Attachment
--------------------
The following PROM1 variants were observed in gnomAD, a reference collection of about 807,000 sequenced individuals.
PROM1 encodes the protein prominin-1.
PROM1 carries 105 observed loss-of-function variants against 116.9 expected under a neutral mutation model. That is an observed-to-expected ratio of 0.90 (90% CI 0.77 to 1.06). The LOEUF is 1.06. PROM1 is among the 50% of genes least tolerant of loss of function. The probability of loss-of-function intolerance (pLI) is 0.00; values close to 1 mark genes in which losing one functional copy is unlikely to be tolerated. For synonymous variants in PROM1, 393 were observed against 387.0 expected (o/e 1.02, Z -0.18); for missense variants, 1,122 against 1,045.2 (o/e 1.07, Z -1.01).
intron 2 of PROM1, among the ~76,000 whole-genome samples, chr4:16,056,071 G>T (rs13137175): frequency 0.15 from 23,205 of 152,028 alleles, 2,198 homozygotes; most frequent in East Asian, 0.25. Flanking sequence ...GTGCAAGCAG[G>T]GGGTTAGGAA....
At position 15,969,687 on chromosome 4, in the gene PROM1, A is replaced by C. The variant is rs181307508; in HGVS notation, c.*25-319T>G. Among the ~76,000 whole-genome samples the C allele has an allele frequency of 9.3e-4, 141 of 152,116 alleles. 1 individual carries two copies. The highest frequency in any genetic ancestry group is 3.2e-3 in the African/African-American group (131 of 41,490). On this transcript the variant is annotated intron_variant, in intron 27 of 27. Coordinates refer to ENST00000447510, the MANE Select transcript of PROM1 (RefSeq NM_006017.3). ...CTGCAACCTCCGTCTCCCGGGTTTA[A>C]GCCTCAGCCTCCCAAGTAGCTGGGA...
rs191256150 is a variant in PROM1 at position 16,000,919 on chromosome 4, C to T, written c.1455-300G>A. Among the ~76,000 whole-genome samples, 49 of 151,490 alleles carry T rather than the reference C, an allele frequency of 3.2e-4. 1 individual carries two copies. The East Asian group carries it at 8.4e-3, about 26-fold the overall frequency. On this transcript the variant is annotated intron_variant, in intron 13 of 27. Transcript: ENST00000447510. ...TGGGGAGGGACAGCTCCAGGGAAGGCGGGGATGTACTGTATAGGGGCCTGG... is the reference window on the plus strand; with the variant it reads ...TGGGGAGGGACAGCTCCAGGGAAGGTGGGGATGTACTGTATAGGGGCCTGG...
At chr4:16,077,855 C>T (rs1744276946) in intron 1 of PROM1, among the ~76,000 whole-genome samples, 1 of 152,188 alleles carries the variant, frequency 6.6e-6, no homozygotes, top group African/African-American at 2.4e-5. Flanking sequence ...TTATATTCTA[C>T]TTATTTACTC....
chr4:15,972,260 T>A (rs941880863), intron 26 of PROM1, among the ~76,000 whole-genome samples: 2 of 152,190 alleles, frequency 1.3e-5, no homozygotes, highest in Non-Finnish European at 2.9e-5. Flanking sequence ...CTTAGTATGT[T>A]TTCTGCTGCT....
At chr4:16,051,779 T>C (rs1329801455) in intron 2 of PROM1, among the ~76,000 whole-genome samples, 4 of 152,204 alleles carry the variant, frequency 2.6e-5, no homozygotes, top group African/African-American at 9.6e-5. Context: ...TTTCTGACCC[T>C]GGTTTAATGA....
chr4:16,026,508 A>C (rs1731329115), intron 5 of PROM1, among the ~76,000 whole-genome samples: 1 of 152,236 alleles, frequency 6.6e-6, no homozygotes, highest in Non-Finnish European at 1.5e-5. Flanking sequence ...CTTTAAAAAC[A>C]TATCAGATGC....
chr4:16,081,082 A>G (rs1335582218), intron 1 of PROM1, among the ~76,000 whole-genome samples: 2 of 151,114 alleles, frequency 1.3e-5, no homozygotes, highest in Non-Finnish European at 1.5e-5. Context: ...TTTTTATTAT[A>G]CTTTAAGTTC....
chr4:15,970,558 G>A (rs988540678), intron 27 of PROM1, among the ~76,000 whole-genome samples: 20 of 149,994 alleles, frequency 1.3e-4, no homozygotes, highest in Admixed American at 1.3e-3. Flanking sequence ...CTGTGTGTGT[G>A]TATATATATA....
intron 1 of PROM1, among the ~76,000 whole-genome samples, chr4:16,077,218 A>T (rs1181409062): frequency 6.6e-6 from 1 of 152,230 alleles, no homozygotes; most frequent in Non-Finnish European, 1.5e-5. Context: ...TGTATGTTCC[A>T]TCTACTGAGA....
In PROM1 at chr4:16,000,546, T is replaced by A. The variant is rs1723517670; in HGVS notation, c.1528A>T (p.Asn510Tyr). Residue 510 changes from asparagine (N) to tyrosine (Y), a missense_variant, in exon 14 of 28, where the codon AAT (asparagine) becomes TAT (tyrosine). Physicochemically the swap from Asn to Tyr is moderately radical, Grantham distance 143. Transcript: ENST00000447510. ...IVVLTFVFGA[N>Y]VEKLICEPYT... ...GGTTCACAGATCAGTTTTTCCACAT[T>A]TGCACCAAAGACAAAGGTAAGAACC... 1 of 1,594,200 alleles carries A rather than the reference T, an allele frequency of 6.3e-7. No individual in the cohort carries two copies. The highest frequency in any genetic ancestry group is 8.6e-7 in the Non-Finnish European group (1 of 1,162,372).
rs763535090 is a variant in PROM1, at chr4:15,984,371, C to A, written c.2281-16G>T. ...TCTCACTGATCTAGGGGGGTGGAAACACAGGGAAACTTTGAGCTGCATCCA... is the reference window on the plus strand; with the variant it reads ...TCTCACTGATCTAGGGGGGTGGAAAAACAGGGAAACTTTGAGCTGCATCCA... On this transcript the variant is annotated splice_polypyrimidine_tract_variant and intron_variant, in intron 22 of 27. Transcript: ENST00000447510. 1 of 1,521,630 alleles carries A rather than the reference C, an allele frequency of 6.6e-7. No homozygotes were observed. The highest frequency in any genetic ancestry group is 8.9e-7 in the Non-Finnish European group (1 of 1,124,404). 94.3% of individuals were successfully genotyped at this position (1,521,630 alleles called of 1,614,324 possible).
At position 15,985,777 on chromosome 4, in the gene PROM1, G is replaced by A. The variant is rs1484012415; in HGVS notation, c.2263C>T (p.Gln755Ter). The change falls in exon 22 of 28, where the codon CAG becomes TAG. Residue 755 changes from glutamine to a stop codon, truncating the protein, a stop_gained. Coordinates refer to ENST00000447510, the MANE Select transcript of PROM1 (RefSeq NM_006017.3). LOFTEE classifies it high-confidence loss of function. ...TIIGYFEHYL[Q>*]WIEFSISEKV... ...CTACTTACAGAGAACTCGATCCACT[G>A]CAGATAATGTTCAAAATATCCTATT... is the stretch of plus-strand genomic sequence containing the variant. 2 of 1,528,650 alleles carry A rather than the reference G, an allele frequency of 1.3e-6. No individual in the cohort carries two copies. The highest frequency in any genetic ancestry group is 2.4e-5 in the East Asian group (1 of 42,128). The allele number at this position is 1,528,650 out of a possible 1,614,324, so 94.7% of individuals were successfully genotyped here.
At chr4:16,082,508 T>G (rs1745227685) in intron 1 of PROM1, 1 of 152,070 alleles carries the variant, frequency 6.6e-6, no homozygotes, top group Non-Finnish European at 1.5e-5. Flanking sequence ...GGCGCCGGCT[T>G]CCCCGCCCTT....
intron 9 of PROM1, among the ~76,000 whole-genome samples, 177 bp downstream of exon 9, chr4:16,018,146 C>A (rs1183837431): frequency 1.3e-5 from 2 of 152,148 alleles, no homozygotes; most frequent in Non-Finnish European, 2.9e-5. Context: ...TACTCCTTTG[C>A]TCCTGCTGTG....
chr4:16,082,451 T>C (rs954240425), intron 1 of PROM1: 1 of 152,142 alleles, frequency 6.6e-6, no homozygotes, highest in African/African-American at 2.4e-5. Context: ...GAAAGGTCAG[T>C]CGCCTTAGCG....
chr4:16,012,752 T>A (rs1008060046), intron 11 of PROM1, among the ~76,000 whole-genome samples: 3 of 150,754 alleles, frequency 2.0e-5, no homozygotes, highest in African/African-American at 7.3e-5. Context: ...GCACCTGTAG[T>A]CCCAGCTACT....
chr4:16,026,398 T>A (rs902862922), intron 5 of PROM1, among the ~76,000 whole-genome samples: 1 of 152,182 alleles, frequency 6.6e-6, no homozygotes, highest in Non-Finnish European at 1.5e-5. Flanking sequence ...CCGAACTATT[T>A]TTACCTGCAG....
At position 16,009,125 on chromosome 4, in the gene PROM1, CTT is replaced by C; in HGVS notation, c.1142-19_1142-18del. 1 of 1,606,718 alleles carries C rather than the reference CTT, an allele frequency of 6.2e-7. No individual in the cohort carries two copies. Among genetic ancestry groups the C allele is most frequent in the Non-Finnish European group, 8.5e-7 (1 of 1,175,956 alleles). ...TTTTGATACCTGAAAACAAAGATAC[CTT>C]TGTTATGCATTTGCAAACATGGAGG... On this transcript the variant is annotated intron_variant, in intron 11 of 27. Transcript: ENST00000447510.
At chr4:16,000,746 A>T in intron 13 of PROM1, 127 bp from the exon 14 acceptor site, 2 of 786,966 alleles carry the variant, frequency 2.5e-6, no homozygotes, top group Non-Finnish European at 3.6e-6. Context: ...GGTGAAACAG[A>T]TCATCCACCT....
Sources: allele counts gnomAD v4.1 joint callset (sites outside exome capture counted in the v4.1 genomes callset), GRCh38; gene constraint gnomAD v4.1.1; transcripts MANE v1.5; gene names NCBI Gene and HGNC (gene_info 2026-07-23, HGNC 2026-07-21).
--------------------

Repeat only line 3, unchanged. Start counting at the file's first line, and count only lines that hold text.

PROM1 carries 105 observed loss-of-function variants against 116.9 expected under a neutral mutation model. That is an observed-to-expected ratio of 0.90 (90% CI 0.77 to 1.06). The LOEUF is 1.06. PROM1 is among the 50% of genes least tolerant of loss of function. The probability of loss-of-function intolerance (pLI) is 0.00; values close to 1 mark genes in which losing one functional copy is unlikely to be tolerated. For synonymous variants in PROM1, 393 were observed against 387.0 expected (o/e 1.02, Z -0.18); for missense variants, 1,122 against 1,045.2 (o/e 1.07, Z -1.01).